6. Behavioral Vision Therapy: There is now substantial evidence linking vision and overall personality development. Behavioral optometry explores how a child’s behavior is influenced by their vision. Vision can significantly impact a child’s academic performance, ultimately affecting their overall quality of life. Therefore, specific therapy programs are designed to enhance functionality in daily life.

Visuo-Motor Integration: Various forms of vision therapy focus on connecting visual processing with motor tasks, such as playing sports and maintaining balance. Poor hand-eye coordination can negatively impact an athlete’s performance. Thus, the goal of vision therapy is to improve visual processing skills and, in turn, enhance eye-hand coordination.

Process of Vision Therapy

Importance of Vision Therapy in Pediatric Care

  1. Early Detection and Intervention: Vision problems in children often go unnoticed and undiagnosed because they are too young to communicate their symptoms. Therefore, routine comprehensive eye exams can help detect these problems early and initiate treatment to prevent complications.
  2. Academic Success: Vision therapy in children enhances their overall functioning, leading to improved academic performance. Managing conditions such as amblyopia, strabismus (squint), convergence insufficiency, and others contributes to academic success and boosts self-esteem.
  3. Improved Concentration and Attention: Children with binocular vision problems often experience attention deficit symptoms and struggle to concentrate on tasks that require focus, such as studying. Numerous scientific studies have demonstrated that vision therapy training procedures help children focus better during their studies. Additionally, it enhances their visualization skills, enabling them to imagine themselves performing better, further supporting their academic success.

What does a vision therapy session at Eye Solutions entail?

We offer a computer-based vision therapy session called Revital Vision, which is the only FDA-approved, software-based vision therapy for treating lazy eyes, not only in children but also in adults. Refer to the following picture, which illustrates a “Gabor patch”—basically a grating with dark and white bands that are blurred out. The patient patches the sound eye and performs the therapy with the affected eye from 1.5 meters away from the screen. These Gabor patches are displayed to the patient, who is then asked to either select the darker patch among the two presentations, choose the presentation in which they see three patches, or opt for the presentation in which the middle patch is shifted either to the left or right. The patient provides responses using a wireless mouse. The total duration of therapy is 45-50 minutes and varies based on the severity of the condition.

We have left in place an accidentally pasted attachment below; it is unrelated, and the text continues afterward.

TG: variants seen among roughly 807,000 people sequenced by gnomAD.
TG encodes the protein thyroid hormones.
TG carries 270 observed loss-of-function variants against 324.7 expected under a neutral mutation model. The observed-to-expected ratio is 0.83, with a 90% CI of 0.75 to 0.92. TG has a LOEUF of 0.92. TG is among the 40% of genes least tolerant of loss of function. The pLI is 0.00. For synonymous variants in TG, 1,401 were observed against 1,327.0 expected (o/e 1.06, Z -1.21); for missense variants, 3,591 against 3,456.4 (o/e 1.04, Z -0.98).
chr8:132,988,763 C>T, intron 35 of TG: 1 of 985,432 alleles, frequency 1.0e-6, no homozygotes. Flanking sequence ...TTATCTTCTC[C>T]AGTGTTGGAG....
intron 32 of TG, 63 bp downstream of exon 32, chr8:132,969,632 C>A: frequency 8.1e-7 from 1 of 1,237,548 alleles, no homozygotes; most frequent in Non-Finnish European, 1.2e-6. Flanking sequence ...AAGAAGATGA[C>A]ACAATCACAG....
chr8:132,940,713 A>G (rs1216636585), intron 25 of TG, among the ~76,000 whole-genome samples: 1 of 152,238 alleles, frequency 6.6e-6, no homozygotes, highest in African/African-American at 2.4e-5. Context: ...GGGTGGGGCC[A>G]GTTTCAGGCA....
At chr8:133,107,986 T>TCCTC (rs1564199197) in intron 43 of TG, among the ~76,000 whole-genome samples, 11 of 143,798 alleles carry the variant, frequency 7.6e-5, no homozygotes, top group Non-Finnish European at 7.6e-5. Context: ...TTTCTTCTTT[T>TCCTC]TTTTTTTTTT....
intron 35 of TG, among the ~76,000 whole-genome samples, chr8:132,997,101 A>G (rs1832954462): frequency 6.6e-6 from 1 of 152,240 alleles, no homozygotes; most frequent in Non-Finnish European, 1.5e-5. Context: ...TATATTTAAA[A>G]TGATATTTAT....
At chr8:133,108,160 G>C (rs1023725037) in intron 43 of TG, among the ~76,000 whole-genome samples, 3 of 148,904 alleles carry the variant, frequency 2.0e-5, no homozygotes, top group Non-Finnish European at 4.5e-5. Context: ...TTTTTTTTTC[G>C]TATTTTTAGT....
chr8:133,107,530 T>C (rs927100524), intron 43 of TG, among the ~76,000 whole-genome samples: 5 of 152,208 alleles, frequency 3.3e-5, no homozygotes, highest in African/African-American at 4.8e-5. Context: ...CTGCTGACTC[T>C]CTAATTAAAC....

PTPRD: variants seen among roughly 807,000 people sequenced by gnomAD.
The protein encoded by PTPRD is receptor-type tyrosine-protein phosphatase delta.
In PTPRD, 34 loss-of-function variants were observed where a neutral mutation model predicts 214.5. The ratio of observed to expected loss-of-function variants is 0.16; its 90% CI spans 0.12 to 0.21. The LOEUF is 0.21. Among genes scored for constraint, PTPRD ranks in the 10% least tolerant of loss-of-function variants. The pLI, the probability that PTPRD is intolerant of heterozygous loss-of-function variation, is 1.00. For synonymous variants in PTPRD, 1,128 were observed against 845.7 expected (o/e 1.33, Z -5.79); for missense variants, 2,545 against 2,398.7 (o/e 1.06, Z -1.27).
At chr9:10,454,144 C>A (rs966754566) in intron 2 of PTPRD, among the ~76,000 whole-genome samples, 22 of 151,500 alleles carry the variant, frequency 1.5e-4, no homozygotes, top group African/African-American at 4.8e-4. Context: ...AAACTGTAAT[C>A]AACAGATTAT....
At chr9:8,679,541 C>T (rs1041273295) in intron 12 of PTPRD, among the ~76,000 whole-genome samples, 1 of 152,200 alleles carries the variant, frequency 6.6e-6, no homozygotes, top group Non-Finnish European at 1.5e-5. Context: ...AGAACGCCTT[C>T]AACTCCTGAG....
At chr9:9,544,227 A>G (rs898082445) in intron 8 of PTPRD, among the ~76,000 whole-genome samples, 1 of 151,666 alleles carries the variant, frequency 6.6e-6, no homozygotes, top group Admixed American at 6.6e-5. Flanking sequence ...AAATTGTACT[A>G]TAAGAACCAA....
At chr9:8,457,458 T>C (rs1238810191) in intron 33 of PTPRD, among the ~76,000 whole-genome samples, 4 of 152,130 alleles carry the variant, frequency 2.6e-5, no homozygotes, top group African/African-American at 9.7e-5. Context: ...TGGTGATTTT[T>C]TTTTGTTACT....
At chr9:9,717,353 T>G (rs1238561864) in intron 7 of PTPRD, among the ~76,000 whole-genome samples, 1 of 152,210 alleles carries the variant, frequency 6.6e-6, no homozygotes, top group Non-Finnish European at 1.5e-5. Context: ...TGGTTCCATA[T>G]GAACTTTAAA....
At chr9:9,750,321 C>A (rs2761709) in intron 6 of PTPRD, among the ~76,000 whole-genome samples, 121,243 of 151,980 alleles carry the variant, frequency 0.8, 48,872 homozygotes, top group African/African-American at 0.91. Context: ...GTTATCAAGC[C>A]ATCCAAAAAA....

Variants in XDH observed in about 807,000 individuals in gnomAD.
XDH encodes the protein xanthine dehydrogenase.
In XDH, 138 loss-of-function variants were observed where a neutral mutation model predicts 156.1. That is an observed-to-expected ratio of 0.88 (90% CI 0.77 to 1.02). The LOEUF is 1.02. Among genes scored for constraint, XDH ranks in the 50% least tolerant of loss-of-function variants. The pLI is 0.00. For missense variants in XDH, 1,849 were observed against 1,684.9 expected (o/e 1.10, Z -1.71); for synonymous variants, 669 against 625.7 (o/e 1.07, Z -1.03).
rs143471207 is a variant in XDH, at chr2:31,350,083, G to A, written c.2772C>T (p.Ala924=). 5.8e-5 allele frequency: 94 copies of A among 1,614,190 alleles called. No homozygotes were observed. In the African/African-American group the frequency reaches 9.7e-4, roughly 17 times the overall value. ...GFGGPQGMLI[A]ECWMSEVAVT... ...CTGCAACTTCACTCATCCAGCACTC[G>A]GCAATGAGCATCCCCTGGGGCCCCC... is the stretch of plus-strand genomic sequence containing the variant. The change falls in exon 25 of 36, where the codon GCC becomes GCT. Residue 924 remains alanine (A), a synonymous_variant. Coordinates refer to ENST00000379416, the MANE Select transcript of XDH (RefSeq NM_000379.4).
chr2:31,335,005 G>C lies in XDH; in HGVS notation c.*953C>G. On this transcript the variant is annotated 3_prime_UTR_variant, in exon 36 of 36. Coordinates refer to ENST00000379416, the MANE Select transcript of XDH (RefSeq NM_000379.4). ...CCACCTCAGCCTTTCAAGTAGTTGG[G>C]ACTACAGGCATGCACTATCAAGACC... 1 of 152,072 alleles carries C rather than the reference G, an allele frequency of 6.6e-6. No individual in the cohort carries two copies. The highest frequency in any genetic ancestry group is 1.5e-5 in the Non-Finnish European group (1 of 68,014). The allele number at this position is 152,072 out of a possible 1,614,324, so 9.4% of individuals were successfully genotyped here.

Eye Solutions is an authorized ophthalmology practice that prescribes and provides Revital Vision therapy licenses. You can find further details about Revital Vision at Eye Solutions here: 

Choosing the Right Vision Therapist:

Selecting the right vision therapist is a crucial aspect of successful treatment. Their approach and techniques can significantly impact the outcome. Consider the following points when choosing a vision therapist:

  • Credentials and Training
  • Experience and Specialization
  • Referrals and Recommendations
  • Reviews and Testimonials
  • Patient-Centered Care
  • Communication and Progress Updates
  • Comfort and Trust

Frequently Asked Questions

1. What activities are involved in vision therapy?

Vision therapy includes eye exercises, home-based activities, prism prescriptions, computer-based vision therapy like Revital Vision, visuo-motor integration skills, and visual information processing skills.

2. Is vision therapy actually effective?

Vision therapy exercises involve activities that have been developed and supported by extensive scientific evidence. Like any other therapeutic modality, vision therapy requires FDA approval, which means its effectiveness and efficacy are proven before it is implemented in practice.

3. At what age is vision therapy most suitable?

Generally, vision therapy requires the individual’s attention and a basic understanding of instructions. Sometimes, it even involves the use of computers. Therefore, vision therapy is typically suitable for individuals aged 7-8 years and older.

4. Who can experience benefits from vision therapy?

Vision therapy includes but is not limited to intermittent exotropia (squints), diplopia, binocular vision dysfunction, convergence paralysis/paresis, visual perception and cognitive deficits.

5. Is vision therapy helpful for adults?

Recent innovations like Revital Vision have received FDA approval for adult vision therapy.

6. How much time does it typically take for vision therapy to show results?

Vision therapy is a process, so patience is required to start seeing results. The duration of therapy can vary, with severe conditions often requiring a longer duration. Generally, it is recommended to undergo 6-8 weeks of therapy for optimal results.